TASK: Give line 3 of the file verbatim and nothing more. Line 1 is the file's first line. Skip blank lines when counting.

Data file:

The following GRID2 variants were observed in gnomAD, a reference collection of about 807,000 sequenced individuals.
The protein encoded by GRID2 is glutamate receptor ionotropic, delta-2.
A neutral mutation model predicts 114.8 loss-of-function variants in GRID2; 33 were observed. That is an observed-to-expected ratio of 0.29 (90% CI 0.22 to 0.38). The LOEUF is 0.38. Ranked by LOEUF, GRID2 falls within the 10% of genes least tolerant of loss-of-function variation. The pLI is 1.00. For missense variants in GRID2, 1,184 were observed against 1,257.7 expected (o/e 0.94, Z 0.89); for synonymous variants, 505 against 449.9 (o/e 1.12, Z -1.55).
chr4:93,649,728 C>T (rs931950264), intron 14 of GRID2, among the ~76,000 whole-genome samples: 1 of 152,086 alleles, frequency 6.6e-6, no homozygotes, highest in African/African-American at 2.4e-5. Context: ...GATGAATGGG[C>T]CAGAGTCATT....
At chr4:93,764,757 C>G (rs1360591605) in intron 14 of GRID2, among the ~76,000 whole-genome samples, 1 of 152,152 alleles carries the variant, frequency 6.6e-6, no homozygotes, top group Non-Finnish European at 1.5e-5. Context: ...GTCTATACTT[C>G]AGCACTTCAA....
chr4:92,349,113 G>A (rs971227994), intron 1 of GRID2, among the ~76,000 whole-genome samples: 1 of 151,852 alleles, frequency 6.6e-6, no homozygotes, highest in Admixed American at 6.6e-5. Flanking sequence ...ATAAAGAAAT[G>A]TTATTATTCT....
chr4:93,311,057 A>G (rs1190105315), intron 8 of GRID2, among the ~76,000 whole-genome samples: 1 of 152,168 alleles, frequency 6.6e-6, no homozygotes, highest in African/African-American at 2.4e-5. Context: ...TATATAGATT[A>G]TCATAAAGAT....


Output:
A neutral mutation model predicts 114.8 loss-of-function variants in GRID2; 33 were observed. That is an observed-to-expected ratio of 0.29 (90% CI 0.22 to 0.38). The LOEUF is 0.38. Ranked by LOEUF, GRID2 falls within the 10% of genes least tolerant of loss-of-function variation. The pLI is 1.00. For missense variants in GRID2, 1,184 were observed against 1,257.7 expected (o/e 0.94, Z 0.89); for synonymous variants, 505 against 449.9 (o/e 1.12, Z -1.55).